Similar to other blood cells, NK cells are generated from hematopoietic stem cells (HSC) residing in the bone marrow. Following the first experimental evidence of the possibility to rescue mice from lethal irradiation, the bone marrow (BM) has been identified as the main source of HSC in the body with a first estimate of 1 in 10e4 BM spleen-colony forming cells (14, 15). HSC with the characteristics of self-renewal and multipotency, that are able to generate more differentiated precursors along the pathways toward production of erythrocytes, leucocytes and platelets, were indeed thereafter identified in BM (16–18), with a frequency of 1 in 10e5 BM cells (16). According to a strictly hierarchical “stem tree” view where all cells derive from a common ancestor, progressive steps of differentiation of HSC lead to the generation of progressively more oligopotent precursors toward all blood cell lineages. The classical model of hematopoiesis postulates that the earliest fate decision toward NK cells downstream of HSCs is represented by the divergence of lymphoid and myeloid lineages. Erythroid and megakaryocyte lineages branch off before the lymphoid–myeloid split. This step is followed by myeloid–lymphoid divergence in which common lymphoid progenitors (CLPs), and common myeloid progenitors are generated (19). Alternate possibilities of a less stringent stem-root developmental model have been pursued. Thus, there is considerable heterogeneity in reconstituting HSCs, with proof of a less defined hierarchical transition reflecting different propensities for lineage-fate decisions by distinct myeloid-, lymphoid- and platelet-biased HSCs (20, 21). The low level of agreement on some aspects of decisional fate of progeny development in humans is primarily due to different experimental settings. So far, studies have been heterogeneous with regard to different aspects that that include the use of either adult or fetal/newborn materials that may be inadequate for a coherent comparison of results, the different study settings comparing analysis of precursors at steady state vs. repopulation studies with a push toward tissue and body repopulation after transplantation, and finally the exclusive use of healthy donors with a lack of data derived from disease states, in which the developmental push toward differentiation and self-maintenance may more strongly reflect the influence of inflammatory signals and/or of peripheral need caused by accelerated cell turnover.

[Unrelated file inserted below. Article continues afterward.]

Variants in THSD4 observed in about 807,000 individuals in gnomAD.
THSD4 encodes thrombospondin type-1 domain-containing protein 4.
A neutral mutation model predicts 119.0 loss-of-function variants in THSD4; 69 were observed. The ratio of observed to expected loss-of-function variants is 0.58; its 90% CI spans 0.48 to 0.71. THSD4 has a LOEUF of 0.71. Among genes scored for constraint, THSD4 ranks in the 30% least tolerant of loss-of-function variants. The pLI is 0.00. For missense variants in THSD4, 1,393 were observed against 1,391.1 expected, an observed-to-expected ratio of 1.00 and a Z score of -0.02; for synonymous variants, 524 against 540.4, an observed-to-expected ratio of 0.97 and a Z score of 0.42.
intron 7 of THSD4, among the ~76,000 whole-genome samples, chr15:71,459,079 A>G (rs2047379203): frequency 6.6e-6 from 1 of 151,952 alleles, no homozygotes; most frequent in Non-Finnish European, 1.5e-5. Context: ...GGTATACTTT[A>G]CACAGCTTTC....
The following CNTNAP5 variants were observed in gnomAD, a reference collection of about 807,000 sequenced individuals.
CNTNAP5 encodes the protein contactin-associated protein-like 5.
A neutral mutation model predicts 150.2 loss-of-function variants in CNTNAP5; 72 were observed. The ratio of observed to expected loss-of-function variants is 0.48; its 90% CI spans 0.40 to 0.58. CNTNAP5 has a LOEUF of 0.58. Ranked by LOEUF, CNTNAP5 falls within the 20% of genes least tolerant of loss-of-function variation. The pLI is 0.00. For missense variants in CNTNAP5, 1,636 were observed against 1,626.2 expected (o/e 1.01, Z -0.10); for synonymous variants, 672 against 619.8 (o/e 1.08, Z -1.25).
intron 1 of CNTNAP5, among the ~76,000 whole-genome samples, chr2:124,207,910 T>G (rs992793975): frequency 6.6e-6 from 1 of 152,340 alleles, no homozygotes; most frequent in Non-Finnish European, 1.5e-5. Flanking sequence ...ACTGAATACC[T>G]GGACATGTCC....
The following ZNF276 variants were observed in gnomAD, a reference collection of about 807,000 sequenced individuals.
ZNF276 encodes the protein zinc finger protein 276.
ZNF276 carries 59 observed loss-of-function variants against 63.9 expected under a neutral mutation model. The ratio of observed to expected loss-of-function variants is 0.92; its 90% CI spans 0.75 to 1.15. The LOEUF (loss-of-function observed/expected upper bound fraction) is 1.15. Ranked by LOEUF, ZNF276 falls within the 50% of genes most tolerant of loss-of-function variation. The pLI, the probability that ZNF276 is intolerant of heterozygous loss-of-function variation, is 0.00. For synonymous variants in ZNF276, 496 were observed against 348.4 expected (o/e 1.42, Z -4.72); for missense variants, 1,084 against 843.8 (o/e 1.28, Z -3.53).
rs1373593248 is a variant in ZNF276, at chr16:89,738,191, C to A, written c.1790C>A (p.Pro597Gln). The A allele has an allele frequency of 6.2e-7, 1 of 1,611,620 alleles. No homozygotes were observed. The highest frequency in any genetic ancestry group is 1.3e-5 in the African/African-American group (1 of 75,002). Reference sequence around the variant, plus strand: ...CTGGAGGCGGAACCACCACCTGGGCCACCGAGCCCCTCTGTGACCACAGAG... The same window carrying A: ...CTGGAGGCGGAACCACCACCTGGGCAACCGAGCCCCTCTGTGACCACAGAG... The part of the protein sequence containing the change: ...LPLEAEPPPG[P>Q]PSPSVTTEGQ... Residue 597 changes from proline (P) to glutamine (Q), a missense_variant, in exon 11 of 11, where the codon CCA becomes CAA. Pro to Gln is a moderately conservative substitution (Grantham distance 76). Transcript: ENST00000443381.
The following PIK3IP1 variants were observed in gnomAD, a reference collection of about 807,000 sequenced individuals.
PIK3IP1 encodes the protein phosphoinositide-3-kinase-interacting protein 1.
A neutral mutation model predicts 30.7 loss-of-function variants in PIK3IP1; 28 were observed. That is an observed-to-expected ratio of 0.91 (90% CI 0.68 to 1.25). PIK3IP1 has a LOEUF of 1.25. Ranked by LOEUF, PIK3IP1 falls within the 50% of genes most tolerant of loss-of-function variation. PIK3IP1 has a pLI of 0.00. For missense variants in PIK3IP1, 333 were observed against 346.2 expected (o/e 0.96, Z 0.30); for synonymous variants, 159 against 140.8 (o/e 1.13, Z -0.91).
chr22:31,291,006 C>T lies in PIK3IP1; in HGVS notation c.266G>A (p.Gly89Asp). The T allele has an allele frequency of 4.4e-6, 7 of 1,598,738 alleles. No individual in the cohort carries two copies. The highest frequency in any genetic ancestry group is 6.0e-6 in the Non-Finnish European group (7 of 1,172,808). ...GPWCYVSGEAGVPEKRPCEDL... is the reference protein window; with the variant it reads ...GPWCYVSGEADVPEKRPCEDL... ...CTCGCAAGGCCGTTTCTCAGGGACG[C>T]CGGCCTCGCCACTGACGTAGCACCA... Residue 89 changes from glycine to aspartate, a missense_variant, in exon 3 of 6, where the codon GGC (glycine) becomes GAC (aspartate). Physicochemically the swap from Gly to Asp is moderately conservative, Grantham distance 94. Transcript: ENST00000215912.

The purpose of this review is to briefly summarize the findings on classical NK cell precursors in the bone marrow and to recapitulate recent findings on alternate new precursor populations. Only a brief mention to ILC development will be provided, since this is out of the purpose of the present work and may be obtained elsewhere (7, 22).
NK Cell Development and Intermediates in the BM
After the first description of multipotent Lin−CD34+CD45RA+CD10+CD38+ progenitors in the BM generating in vitro T, B, NK, and Dendritic Cells (23), it became clear that the BM was the primary site of where NK cell precursors dwell and may generate NK cells (24). In fact, neither the thymus nor the spleen seemed to be essential for NK cell growth as shown by NK cell persistence and preserved function in their absence (25–27). The role of postnatal as compared to fetal liver in NK cell generation was unclear at the time and still requires further studies in future). Early views on NK cell development considered the BM as the main site for NK precursor growth from HSC and also the site where progressive NK cell development takes place (24).
Early work on BM precursors provided evidence that CD7 expression on CD34+CD45RA+ HPCs enriches for NK cell precursors (28). Also co-expression of CD10 on BM CD34+ HPCs identified a CLPs generating NK cells (23). These progenitors lacked erythroid, myeloid, and megakaryocytic potential but contained a broad B, T, and NK cell and DC differentiation potential, suggesting that this population might correspond to the human postnatal common lymphocyte precursor (CLP). It was also clear that CD34+CD7− and CD34+10− HPCs also could generate NK cells, albeit with lower efficiency and with more stringent contact requirement with stromal cells (21, 23, 28, 29). Subsequent studies revealed that CD10 expression on progenitors is associated with a strong bias toward B cell potential with minimal T or natural killer (NK) cell potential (28, 30, 31). Thus, the stepwise process of lymphoid differentiation from multipotent HSC to the earliest lymphoid-primed multipotent progenitor (LMPP) in BM was not characterized by the expression of CD10 (23), but rather of L-selectin (CD62L) expression on CD3-CD14-CD19-(henceforth Lin−) CD34+CD10− progenitors (28). These progenitors were devoid of erythroid or myeloid clonogenic potential corresponding to LMPP and had the ability to seed SLT and thymus through the CD62L homing signal (21, 32, 33). In the same BM setting, CD7 expression alone did not define lymphoid commitment, as a Lin−CD34+CD38–CD7+ population that had been identified as a LMPP in umbilical cord blood (UCB) (34) was not detected, and low CD7 expression in CD34+Lin−CD38+CD10− cells was insufficient to define lymphoid restriction as erythroid progenitors could also be detected (28). In UCB, circulating CD34+CD45+CD7+CD10– precursors could generate cells of the three lymphoid lineages, however, with a skewed potential toward the T/natural killer (T/NK) lineages. In contrast, CD34(+)CD45RA(hi)Lin(−)CD10(+) HPCs predominantly exhibited a B-cell differentiation potential. Also, a culture of purified CD34+ derived from UCB (without further subset sorting) with SCF, FLT3, IL-7, and IL15 generates in vitro CD3−CD16+CD56+CD244+CD33− myelomonocytes and highly immature CD3−CD16+CD56+CD244+CD33− NK cells that are substantially devoid of cytotoxic activity and of IFNγ production, without growth of T cells or other lieages (35–37).